8 Nov 2010
The San Francisco saga continues with Mary Ann In Autumn.
A funny thing happened to Armistead Maupin the other night. He was sitting in a theatre in San Francisco watching the musical version of his Tales of the City novels (“the whorehouse number is extra- ordinarily dirty!”) when, quite suddenly, he realised what had changed for him since the first novel in the series was published.
Back when he was writing that first book in the 1970s, Maupin was totally obsessed with the stories of Mary Ann and Michael, the twentysomethings who come to San Francisco looking for boyfriends and fun and a new kind of family. Thirty years on, as he sat in that theatre, however, Maupin realised his allegiances had shifted and he was now wrapped up in the lives of his older characters, Edgar and Mrs Madrigal. It’s what happens, he says, when you write a series of novels over 30 years and you get old yourself.
The morning after that little moment of revelation, I call Maupin at his home in San Francisco to talk about the latest Tales book, Mary Ann in Autumn, and it’s obvious these thoughts of ageing and change were very much on his mind as he wrote it. Both Mary Ann in Autumn and the first novel begin in much the same way: Mary Ann arrives at a house on Barbary Lane in search of change. But as she stands outside the house at the beginning of the latest book, she sees how the place has changed, how she has too and realises this old house, and this old city, aren’t going to work their magic a second time. She’s a girl, says Maupin, who can no longer be saved by geography.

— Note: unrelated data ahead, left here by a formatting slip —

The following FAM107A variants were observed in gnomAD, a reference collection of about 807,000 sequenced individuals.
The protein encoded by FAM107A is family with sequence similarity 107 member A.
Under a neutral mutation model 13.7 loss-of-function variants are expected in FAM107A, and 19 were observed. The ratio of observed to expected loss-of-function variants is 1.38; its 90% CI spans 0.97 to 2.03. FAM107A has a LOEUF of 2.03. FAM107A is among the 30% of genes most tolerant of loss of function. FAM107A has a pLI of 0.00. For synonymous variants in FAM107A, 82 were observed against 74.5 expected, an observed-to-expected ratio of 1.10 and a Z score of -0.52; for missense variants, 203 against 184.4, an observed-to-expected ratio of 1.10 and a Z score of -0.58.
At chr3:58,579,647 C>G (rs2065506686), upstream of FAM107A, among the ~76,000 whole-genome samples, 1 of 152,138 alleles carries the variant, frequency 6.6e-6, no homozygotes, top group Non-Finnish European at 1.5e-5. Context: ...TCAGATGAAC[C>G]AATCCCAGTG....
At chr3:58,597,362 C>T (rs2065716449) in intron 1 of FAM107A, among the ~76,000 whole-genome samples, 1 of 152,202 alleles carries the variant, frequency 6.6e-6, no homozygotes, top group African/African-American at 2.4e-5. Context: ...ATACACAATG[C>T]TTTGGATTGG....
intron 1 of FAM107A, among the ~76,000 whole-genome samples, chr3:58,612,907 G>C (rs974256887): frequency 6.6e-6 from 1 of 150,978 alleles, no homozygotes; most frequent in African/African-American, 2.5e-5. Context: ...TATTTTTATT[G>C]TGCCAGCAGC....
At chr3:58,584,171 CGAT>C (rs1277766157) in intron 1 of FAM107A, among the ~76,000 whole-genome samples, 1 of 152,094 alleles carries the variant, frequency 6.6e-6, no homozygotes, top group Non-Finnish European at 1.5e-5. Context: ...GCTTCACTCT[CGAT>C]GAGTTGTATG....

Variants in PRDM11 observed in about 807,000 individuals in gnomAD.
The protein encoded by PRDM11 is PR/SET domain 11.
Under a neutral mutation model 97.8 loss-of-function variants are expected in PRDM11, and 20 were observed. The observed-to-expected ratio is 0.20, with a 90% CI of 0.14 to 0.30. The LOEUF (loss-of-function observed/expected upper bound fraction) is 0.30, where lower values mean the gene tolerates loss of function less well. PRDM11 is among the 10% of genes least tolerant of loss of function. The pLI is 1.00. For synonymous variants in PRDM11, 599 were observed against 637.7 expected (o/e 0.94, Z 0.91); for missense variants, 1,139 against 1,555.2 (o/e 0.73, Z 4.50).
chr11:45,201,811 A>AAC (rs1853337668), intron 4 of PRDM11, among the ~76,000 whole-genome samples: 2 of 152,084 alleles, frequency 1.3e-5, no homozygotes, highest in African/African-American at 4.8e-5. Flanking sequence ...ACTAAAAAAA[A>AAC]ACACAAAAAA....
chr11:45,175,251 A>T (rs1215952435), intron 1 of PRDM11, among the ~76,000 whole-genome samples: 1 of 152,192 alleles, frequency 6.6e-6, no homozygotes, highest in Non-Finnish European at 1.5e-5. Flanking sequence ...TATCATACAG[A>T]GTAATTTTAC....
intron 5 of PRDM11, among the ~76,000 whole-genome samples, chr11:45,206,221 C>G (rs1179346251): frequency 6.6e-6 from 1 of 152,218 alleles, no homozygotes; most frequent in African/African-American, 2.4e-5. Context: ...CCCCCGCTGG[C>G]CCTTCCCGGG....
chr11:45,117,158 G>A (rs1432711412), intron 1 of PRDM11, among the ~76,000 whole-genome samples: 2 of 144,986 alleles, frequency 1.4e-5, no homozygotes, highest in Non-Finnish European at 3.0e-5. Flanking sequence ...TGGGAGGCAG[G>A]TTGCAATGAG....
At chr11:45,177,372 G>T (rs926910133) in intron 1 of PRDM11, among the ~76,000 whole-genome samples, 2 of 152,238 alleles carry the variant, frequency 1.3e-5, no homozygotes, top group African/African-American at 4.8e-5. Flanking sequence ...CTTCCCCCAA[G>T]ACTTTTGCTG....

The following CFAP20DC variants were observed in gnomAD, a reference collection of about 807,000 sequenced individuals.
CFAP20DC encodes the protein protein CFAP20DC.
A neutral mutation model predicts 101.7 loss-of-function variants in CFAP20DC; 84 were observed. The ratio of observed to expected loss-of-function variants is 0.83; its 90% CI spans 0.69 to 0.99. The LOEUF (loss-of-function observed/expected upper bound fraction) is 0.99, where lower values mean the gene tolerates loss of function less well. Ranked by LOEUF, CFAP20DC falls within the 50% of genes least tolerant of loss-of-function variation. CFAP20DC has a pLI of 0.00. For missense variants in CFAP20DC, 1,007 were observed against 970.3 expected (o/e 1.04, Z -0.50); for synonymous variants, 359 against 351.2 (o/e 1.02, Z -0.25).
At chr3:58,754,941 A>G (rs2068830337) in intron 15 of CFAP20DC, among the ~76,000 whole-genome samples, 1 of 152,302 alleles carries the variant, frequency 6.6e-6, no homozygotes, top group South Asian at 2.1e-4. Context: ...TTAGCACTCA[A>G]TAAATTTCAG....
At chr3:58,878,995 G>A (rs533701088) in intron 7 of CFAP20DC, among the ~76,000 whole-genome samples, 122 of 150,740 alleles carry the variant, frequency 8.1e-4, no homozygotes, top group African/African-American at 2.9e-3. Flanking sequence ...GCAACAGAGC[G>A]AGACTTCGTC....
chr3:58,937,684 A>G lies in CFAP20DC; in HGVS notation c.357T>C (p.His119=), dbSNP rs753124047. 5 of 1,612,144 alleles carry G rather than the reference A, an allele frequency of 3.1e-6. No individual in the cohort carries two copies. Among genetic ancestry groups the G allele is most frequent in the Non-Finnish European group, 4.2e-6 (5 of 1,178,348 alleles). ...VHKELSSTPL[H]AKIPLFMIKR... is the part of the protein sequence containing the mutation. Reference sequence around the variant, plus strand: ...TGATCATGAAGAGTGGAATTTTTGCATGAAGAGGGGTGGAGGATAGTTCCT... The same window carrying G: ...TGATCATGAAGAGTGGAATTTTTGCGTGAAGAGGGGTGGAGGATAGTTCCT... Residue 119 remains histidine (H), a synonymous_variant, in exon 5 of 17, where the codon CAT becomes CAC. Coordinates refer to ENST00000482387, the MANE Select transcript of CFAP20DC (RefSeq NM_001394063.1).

Talking about that moment, Maupin says it was inevitable that the themes of ageing and change would burrow themselves into the novel because of where he is in his own life. “It’s what emerges from a 66-year-old writer,” he says. “Things speed up as you circle the drain and older people become more aware of it. I was thinking the other day: when one is young, one thinks that one’s grandparents are old forever but when you reach their age you realise how fast time is passing. It makes me wish I could go back to the elders of my family and talk to them again.” And then, just when things are beginning to sound a bit melancholy, Maupin does what he does best and adds in some humour. “I have a handy reference point on ageing,” he says. “My husband Christopher is 21 years younger than I am.”
Maupin famously met Christopher Turner after seeing a picture of him on the internet (a story he fictionalised in Michael Tolliver Lives) and in the new book, Mary Ann launches into her own exploration of the web. This leads to a brilliant plot twist that you only realise at the end of the book has been hurtling towards you like an out-of-control San Francisco tram, but what it also does is allow Maupin to put Mary Ann back at the centre of the books and retune the image many Tales readers have of her as a bit of a B.
“I wanted to humanise Mary Ann a bit more and show something of her own process,” he says. “I make no apologies for any of the characters. They are who they are and nobody’s supposed to be perfect and that’s one of the reasons the stories appeal to people. They are all just one big mass of foibles.”